The third seed at 145 pounds, Norfleet improved his record to 33-6 with a first period pin and a very impressive majority decision over Providence’s highly regarded Kevin Countryman, a top-4 state finisher last year.

Norfleet then beat Lincoln-Way West’s Garrett Geiger 8-5 for his first regional championship.

“I knew him and his brother (Payton Geiger). I knew what he was capable of, and I knew I had to come up with something to win,” Norfleet said.

“I had the advantage, and I know that nobody can really dig out of a hole. If you get yourself down four or five points, it is hard to come back against somebody good.”

Garrett Geiger takes a season record of 35-5 to this year’s sectional meet.

The victory marked something special for Norfleet, whose older brother, Kordell Norfleet, was a two-time state champion who now wrestles at Arizona State University.

“My brother is one of the main influences on my style,” he said. “Now I have a state title to win. I made some dumb mistakes last year. I didn’t make weight.

“My freshman year, I didn’t make it out of the sectionals. Just knowing they expect somebody else to win, it gives you motivation. I have to make a name for myself and prove a lot of people wrong.”

Garrett Geigner’s fraternal twin brother, Payton Geiger, recorded a second period pin against Homewood-Flossmoor junior Stacey Terry to capture the 160-pound title.

Lincoln-Way West’s power is concentrated in the middle weights with its four “horsemen” — the Geigner twins, junior Javen Estrada and Brock Pfeifer.

Ranked No. 5, Estrada continued his season-long impressive performance with a 10-2 majority decision over Lockport junior Nate Ramsey at 138 pounds.

Pfeifer, who’s ranked No. 7, defeated Lockport senior Joe Oster by fall at 3:44 at 152 pounds. Estrada is now 37-1; Pfeifer is 33-5.

“I knew what I had to do right away,” Pfeifer said. “At times, I thought the pace was not quick enough. I wish it were quicker, but I got the job done.

“The next week is going to be a tough one. I have a lot of guys who have similar types of skills as I do, and I have to make sure that I am better than them.”

Every regional has a dark horse, a victor who comes seemingly out of nowhere. On Saturday the honor belonged to Andrew senior Nick Barberi at 170 pounds.

Barberi entered the regional with a 17-20 record. He also came with the sense of a clean slate, the chance to begin anew.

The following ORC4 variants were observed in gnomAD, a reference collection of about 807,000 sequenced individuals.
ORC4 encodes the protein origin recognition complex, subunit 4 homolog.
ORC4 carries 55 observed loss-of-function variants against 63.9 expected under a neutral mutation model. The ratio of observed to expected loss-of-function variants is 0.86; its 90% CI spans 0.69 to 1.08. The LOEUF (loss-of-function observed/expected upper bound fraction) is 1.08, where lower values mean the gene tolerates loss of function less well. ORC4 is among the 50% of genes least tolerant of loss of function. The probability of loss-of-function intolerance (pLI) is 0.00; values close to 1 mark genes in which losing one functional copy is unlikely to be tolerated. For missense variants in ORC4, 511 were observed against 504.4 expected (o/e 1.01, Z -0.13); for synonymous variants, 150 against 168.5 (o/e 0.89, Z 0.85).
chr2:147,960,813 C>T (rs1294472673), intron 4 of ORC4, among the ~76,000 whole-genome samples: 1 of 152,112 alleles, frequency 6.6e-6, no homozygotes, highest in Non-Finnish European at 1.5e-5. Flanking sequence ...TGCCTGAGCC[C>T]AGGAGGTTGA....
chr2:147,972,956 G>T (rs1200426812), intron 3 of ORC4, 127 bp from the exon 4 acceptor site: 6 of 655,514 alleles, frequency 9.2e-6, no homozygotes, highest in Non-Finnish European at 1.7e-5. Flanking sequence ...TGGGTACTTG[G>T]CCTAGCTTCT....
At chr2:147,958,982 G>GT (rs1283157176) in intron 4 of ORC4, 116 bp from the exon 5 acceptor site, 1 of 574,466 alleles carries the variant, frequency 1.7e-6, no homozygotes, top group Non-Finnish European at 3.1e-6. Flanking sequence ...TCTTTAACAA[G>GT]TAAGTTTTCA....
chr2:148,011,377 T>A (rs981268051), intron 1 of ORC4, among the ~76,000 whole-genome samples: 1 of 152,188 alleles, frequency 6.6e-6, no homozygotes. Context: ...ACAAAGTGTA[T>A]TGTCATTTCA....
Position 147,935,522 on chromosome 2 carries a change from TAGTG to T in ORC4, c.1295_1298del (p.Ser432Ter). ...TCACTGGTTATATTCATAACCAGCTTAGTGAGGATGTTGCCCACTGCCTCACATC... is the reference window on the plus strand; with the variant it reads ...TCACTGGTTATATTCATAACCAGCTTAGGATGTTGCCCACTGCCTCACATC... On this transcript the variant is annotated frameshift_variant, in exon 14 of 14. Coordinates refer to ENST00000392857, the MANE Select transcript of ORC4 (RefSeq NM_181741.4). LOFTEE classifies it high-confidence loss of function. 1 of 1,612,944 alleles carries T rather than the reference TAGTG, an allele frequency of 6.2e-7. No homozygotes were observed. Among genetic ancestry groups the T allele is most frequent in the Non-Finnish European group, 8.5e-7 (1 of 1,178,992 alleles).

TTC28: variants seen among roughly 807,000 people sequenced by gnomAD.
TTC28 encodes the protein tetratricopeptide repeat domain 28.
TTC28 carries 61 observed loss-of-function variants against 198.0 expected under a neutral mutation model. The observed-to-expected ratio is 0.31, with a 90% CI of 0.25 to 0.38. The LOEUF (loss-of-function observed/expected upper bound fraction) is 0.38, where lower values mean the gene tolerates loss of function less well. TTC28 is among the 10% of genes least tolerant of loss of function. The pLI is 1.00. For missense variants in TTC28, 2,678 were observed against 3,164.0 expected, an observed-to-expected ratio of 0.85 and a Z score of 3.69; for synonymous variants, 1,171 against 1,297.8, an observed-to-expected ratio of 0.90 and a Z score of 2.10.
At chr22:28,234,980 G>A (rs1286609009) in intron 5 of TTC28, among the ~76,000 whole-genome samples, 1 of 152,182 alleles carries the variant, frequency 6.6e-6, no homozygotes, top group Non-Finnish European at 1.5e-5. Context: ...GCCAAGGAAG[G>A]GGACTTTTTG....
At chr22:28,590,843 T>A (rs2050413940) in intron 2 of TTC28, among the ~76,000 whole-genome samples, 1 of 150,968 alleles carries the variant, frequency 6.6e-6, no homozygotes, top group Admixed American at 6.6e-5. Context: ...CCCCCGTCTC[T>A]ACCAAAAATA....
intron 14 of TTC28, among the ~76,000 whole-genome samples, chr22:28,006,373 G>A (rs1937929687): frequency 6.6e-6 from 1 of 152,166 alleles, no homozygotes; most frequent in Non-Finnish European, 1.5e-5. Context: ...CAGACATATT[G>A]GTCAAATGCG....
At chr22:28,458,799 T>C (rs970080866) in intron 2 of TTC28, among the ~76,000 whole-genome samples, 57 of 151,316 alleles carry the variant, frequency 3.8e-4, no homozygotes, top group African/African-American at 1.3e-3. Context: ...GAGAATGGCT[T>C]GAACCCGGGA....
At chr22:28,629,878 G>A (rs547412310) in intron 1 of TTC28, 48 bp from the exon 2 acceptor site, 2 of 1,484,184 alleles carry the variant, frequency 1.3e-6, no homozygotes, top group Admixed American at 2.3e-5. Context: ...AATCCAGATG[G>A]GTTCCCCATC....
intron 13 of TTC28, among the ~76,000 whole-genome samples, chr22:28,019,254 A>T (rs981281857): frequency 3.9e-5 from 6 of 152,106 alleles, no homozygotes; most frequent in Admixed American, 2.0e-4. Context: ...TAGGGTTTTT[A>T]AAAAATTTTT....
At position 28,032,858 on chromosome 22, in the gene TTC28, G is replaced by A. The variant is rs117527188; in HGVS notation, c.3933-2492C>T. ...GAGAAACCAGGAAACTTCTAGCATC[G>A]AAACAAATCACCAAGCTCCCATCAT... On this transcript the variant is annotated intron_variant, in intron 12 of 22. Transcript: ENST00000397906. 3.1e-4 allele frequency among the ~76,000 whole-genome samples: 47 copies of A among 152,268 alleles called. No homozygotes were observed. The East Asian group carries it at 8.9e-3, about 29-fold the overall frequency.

“I wrestled hard and I wrestled aggressive,” Barberi said. “Coming in here, I told myself I just had to be aggressive and I could beat anybody here.”

He stunned top-seeded Ian Swidergal of Lincoln-Way West with a 3-0 decision in the semifinal round. He punctuated his run with the 9-6 title victory over Romeo Williams of Homewood-Flossmoor.

The fourth-seeded Barberi was the lowest-seeded champion.

Homewood-Flossmoor sophomore Haku Watson-Castro ran his record to 26-7 with a 7-1 title-mat decision at 182 over Lincoln-Way West junior Andrew Hesse.

In the title match at 220 pounds, Andrew senior Andrew Salah upended top-seed Justin Thomas of Homewood-Flossmoor by 8-3 decision.

Fittingly, the day that started as a kind of coronation that followed the season-long dominance and depth of Lockport ended with the most shocking upset imaginable.

The 285-pound final was thought to be a fait accompli with the state’s top-ranked wrestler, Providence sophomore Ryan Boersma, overpowering the opposition.

Homewood-Flossmoor junior Brian Smith had other ideas.

Smith (20-9) took Boersma to his back and pinned him, stunning the crowd with the fall just 26 seconds into the match and handing Boersma (37-2) his first loss to an in-state opponent this season.

Smith provided a stunning ending to a fine day of wrestling in Lockport. “I was just trying to work the move, and it was not working so he tried to throw me and I just adjusted from there,” Smith said. “I believe I caught him by surprise.”